summer, leaving the glacier stationary. During the Little Ice Age, heavier winter snows and less summer melting weighed the glacier with additional layers of snow, pressing the deeper layers into ice, and the glacier moved more rapidly, deforming and flowing downhill under the force of its own weight like a spreading pile of bread dough. The advancing glacier had already engulfed and destroyed farms and even small villages. The Chamonix villagers wrote to the Catholic bishop of Geneva for help. The bishop actually came to Chamonix and performed a rite of exorcism, after which the glacier receded for some time, before once again inexorably advancing. Similar scenes of fear and destruction happened in other mountain areas. The North Atlantic was filled with icebergs both farther south and for more of the year than in current times, changing the cycles of fisheries and the availability of food. Eskimos came in kayaks as far south as Scotland. In China severe winters killed orange groves that had survived in Jiangxi province, around the lowerYangzi River, for centuries.

Temperatures during the Maunder Minimum period were only about one-half of a degree Celsius lower than the mean for the 1970s,

pointing out humankind's extreme sensitivity to small changes in average temperature, and the scientists Pang and Yau found that temperature decline consistent with the decrease in average solar radiance. Then, from 1795 to 1825, came the Dalton Minimum, along with another dip in Northern Hemispheric temperatures. Since that time, however, the Sun has gradually brightened to the current Modern Warm Period.

The small temperature variations in the Maunder Minimum caused violent changes in weather that strongly influenced human civilization. At the present time on Earth, average temperatures are rising. The overall average surface temperature on Earth is between 59 and 68°F (15 to 20°C), though at different places on the surface the average temperature varies between about —40 and 104°F (—40 to 40°C). About 31 degrees of the heat on Earth is due to the insulation of the atmosphere, called the greenhouse effect. Some amount of greenhouse effect is normal, caused primarily by the presence of carbon dioxide in the atmosphere.Venus's surface is hot enough to melt lead because of the greenhouse effects of carbon dioxide in its atmosphere. On Earth, the greenhouse effect is controlled by a cycle in which carbon dioxide is released continually from volcanoes, combines with calcium from weathered continental rocks, and is deposited as limestone (primarily as calcium carbonate, or CaCO3) into the oceans. When oceanic plates subduct into the mantle, their carbon, in the form of calcium carbonate, is erupted back onto the surface through the volcanoes at subduction zones.Water is among the controlling factors of this cycle: Both Venus and Mars lost their water, and so their atmospheres are dominated by carbon dioxide.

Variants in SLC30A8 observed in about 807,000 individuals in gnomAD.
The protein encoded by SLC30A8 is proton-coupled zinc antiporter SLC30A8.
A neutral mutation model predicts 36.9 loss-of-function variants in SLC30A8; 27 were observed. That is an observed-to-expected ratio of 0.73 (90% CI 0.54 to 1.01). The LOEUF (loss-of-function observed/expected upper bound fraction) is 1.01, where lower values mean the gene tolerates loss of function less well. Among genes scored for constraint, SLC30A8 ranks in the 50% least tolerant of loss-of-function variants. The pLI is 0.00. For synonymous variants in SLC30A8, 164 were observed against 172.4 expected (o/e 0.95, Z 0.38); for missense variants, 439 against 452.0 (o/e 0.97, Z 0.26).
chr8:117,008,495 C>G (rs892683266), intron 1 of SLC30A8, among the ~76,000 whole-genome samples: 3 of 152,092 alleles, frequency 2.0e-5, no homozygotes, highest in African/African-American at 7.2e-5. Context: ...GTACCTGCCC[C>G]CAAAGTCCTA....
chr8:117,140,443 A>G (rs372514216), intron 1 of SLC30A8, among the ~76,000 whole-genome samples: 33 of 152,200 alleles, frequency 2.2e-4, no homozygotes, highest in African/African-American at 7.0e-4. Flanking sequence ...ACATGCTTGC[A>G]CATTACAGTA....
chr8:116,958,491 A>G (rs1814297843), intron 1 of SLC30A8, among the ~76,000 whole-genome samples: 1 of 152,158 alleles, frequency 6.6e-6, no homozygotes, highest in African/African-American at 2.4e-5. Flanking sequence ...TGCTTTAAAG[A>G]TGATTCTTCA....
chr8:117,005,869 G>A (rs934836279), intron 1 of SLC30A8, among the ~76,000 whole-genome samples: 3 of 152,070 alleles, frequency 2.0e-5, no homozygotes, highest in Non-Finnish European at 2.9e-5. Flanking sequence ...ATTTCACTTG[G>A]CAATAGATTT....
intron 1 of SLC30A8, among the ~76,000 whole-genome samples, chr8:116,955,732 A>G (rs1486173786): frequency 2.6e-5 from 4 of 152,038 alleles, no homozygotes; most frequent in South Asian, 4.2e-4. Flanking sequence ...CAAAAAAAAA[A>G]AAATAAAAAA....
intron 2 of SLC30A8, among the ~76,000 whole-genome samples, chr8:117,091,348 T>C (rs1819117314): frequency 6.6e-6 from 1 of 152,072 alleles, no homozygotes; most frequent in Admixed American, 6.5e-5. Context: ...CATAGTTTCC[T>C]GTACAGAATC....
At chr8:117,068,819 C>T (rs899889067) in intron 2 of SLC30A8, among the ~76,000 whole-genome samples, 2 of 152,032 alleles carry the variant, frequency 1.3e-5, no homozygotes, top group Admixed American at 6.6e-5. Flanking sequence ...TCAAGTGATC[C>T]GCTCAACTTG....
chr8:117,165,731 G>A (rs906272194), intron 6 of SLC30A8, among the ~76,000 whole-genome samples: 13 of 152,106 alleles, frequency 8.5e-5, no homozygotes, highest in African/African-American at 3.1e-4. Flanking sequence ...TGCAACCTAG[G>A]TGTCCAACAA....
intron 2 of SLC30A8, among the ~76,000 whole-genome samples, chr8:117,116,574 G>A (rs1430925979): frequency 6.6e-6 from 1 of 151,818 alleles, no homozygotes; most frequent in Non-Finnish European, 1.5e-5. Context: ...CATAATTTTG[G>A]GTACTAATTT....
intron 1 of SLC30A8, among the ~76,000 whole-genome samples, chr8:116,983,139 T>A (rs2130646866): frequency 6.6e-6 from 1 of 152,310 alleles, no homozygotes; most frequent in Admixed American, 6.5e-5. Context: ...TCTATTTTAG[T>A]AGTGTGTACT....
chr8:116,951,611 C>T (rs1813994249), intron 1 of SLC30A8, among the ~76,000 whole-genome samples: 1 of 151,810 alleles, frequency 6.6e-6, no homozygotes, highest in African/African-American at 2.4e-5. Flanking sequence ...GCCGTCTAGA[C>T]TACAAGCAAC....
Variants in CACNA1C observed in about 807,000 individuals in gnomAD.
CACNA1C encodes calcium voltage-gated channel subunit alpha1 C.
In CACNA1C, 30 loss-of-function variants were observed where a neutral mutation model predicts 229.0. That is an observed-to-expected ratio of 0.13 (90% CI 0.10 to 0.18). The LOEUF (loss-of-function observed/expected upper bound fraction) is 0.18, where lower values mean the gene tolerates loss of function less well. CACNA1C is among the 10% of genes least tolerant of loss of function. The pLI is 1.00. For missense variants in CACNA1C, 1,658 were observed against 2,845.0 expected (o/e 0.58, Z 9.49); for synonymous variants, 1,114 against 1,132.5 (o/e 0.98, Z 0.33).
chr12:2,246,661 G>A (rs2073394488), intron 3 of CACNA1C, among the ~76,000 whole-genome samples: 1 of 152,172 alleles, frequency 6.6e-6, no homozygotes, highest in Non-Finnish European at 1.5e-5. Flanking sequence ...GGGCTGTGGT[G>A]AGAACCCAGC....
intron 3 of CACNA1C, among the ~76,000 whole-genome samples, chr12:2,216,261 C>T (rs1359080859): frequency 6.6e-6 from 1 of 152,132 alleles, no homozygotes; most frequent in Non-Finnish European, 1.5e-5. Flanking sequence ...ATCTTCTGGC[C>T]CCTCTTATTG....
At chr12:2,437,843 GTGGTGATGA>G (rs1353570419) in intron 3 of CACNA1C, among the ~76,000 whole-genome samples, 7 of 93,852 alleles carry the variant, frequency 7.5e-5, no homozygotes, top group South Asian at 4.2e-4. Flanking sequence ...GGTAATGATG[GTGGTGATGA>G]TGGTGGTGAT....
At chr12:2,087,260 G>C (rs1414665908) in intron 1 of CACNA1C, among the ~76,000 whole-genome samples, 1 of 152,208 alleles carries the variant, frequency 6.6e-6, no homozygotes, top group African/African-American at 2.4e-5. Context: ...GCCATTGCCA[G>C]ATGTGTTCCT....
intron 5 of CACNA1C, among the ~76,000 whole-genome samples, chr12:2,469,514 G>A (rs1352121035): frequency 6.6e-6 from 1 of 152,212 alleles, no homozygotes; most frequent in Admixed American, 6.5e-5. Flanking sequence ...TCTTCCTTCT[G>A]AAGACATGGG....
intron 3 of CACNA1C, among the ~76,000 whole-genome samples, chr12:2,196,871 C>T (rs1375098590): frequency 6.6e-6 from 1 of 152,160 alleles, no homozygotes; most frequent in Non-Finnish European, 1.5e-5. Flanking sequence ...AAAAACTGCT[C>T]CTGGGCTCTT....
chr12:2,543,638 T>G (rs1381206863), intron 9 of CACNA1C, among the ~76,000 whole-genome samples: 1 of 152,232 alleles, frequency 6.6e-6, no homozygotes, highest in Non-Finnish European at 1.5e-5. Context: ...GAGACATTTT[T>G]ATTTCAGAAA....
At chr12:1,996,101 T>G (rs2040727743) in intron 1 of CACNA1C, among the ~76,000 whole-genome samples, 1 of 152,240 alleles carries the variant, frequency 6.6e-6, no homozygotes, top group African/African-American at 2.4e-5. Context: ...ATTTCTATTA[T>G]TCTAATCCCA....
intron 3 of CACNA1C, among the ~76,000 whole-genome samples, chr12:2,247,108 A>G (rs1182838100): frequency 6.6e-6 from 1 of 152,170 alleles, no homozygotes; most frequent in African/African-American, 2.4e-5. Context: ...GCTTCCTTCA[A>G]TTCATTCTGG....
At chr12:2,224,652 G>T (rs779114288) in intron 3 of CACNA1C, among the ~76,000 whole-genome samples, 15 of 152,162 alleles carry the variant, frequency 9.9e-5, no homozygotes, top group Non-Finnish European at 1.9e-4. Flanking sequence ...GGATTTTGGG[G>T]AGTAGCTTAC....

Though carbon dioxide is the dominant natural greenhouse gas, there are other chemicals that control climate when they are in the atmosphere. Many of these, including chlorofluorocarbons, are produced by humans. Over the past 100 years the average temperature on Earth has risen by between one-half and one degree due to an increased greenhouse effect caused by chemical input from man. Though this addition may seem tiny, it already appears to be having an effect. Increased average temperature does not in the short run necessarily cause the weather to be hotter; instead it causes greater variations in temperature across the globe and therefore stronger driving forces for winds and weather. As the greenhouse effect increases weather is likely to get more violent and more erratic; some scientists believe these effects are already apparent in the increased numbers of hurricanes.

Human contributions to the environment are inexorably driving the climate on Earth to extremes. Though the rock record and chemical data from ice cores show that the Earth's climate has often been at extremes in the past, this is little consolation to the people who have to find a way to live through it. Adversaries of change in the habits of society correctly state that the Earth is well within the range of climates that have existed in the past, but these are not climates that humankind has shown any ability to cope with. Many times in Earth's past the climate has moved into periods of heat (with attendant violent storms) or complete freezing, and has recovered, but never has humankind had to live through these periods. The surface of the Earth is already a challenging place, full of volcanoes, mountains, hurricanes, and other marvels full of scientific interest; it is necessary for the future of our civilization that we do what is possible to prevent further climate change.